The McKenzie method allows an examiner to determine the best treatment plan based on a patient’s response to repeated end-range movements performed in both standing and lying positions.
One of the most common and perplexing problems faced by the primary care physician is the clinical management of the patient with low back pain. Roughly 60% of individuals in the population will experience low back pain in their lives, yet this condition is poorly understood and often poorly managed, despite growing evidence that demonstrates the value of the physical examination in low back pain management.
Perhaps the main difficulty associated with low back disorders is making a meaningful diagnosis. In most cases this is either difficult or impossible. The Quebec Task Force Report lists 21 terms used to describe low back disorders and the lack of consistency in their application. The authors of the report conclude that these diagnostic determinations are “the fundamental source of error,” and propose a new classification system based, in part, on symptom location. Although this leads to greater uniformity of sorting, it does not solve the problem of clinical management. Diagnostic imaging, particularly by MRI, gives great anatomical detail but is often diagnostically unreliable because of high rates of false-positive and false-negative findings.[3-6]
Without an appropriate diagnosis, selecting a treatment becomes guesswork. Deyo describes the history of the treatment of low back pain as consisting of a succession of fads, each initially practised with widespread enthusiasm then discarded. The Occupational Health Guidelines for the Management of Low Back Pain at Work and many other clinical guidelines catalogue the lack of demonstrated efficacy of many commonly used therapies.
There is now considerable evidence that a large part of the solution lies in the clinical evaluation. A curious contrast exists between the assessment of a peripheral joint problem and that of a spinal joint. In the former case, the clinician is likely to gather information from the following sources:
• Patient’s history of onset.
• Factors that aggravate or relieve symptoms.
• A physical examination, which includes stressing the joint thoroughly in all directions.
All this information is rightly considered essential in making a diagnosis. In the case of spinal joints, this procedure is poorly understood by many clinicians and is therefore rarely followed; consequently, clinical management is somewhat arbitrary.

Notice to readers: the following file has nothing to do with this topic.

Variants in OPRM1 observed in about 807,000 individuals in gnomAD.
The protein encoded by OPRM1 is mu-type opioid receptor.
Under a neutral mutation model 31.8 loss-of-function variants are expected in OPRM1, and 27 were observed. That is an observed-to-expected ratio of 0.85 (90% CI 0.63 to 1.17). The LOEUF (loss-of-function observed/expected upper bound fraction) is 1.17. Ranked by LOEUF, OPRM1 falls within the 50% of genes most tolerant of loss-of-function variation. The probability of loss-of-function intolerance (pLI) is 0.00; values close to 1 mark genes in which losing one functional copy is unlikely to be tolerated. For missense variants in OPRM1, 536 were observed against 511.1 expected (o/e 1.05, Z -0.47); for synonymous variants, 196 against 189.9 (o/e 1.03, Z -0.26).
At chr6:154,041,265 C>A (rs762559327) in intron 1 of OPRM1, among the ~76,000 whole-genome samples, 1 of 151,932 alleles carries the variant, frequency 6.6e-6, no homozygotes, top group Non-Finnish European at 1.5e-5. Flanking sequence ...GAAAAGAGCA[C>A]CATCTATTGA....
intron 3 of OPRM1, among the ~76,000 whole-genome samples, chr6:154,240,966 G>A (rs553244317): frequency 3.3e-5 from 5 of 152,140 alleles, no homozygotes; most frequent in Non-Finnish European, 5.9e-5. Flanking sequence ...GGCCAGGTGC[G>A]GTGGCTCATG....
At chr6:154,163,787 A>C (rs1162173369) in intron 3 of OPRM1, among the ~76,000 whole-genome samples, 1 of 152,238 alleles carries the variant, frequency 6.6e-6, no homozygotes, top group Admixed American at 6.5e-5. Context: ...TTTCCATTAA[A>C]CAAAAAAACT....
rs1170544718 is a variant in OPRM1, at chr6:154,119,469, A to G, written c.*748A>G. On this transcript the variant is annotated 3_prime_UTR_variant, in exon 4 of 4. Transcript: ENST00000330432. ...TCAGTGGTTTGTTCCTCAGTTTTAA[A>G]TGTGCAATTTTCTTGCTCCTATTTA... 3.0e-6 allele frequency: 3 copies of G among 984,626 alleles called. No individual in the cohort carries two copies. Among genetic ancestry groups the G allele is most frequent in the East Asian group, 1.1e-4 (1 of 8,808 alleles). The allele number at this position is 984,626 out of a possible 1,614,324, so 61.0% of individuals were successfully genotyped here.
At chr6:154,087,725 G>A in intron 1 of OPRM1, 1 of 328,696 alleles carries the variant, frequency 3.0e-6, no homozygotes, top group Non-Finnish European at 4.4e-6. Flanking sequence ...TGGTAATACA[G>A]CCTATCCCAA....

Many clinicians have expressed the opinion that information obtained from patients regarding their pain response to movements and positions is “too subjective” and is thus suspect. In fact, many studies have documented just the opposite: the strong reliability of measuring the patient’s pain response to clinical tests.[9-12] The straight leg raising test and the coughing test that can elicit the concordant pain of sciatica are just two examples of pain response tests commonly used by physicians when assessing spinal disorders. In contrast, many of the so-called objective tests—for example, X-rays and CT and MRI scans—have proven of little value in evaluating spinal pain because of high rates of false-positive and false-negative findings.[4,6,13-15]
Studies over the last 15 years have shown that the low-tech physical examination can reveal useful information that makes effective management possible for large numbers of patients. Many of these studies, some of which are discussed here, refer to the phenomenon of pain “centralization” and its helpfulness to doctors in their clinical decision making.
In 1981, physiotherapist Robin McKenzie described the phenomenon of centralization, which occurs when referred pain moves from a distal to a more proximal location. This can be observed when a patient bends backward and forward during a clinical examination.
For example, a patient presenting with pain referred into the calf may report that the calf pain abolishes after bending backward into full extension a few times. Often, further movements in the same direction will lead to the pain migrating even closer to the spine. When the test movements have been completed, the distal pain remains abolished.
Based on his many years of clinical observation of patients with low back pain, McKenzie claimed that this phenomenon was a reliable indicator of a good clinical outcome. By contrast, he noticed that where pain failed to centralize or moved more distally—to become “peripheralized”—the clinical outcome was consistently poorer. Subsequent published peer-reviewed studies of centralization confirm this claim.[17-26]
The first of these studies, published in 1990 by Donelson and colleague was a retrospective analysis of patients seen at an orthopaedic outpatient clinic with complaints of low back and referred pain. Those patients in whom centralization was demonstrated during the initial assessment were in the great majority (more than 80%) and typically went on to an excellent outcome, while those few who did not centralize tended to fare poorly. The small number who eventually required disc surgery were all “noncentralizers” at the time of their initial assessment.
Subsequently, 10 additional peer-reviewed studies have reported on the high frequency with which centralization occurs, both in the acute and chronic low back pain populations. In acute low back pain populations, Werneke reported centralization in 77% of patients, Sufka in 83%, and Karas in 73%. Long’s 1995 and Donelson’s 1997 studies assessed patients with chronic low back pain and still found that 47% and 49%, respectively, centralized. Five of these studies also measured outcome and all found a superior response in patients who exhibited centralization in their initial evaluation and poor outcomes in noncentralizers.[20-22,24,26] Furthermore, Werneke also reported that centralization was a more reliable indicator of recovery than psychosocial factors that had previously been considered by many as the best indicators of recovery.
A 1997 paper by Donelson and colleague compared the findings of the McKenzie evaluation with discography findings in 62 chronic lumbar pain patients. They noted that the physical examination was able to reliably differentiate discogenic from nondiscogenic pain and also distinguish a competent from an incompetent annulus. Kopp’s study demonstrated that even patients with neurological deficit may centralize if given the appropriate movements.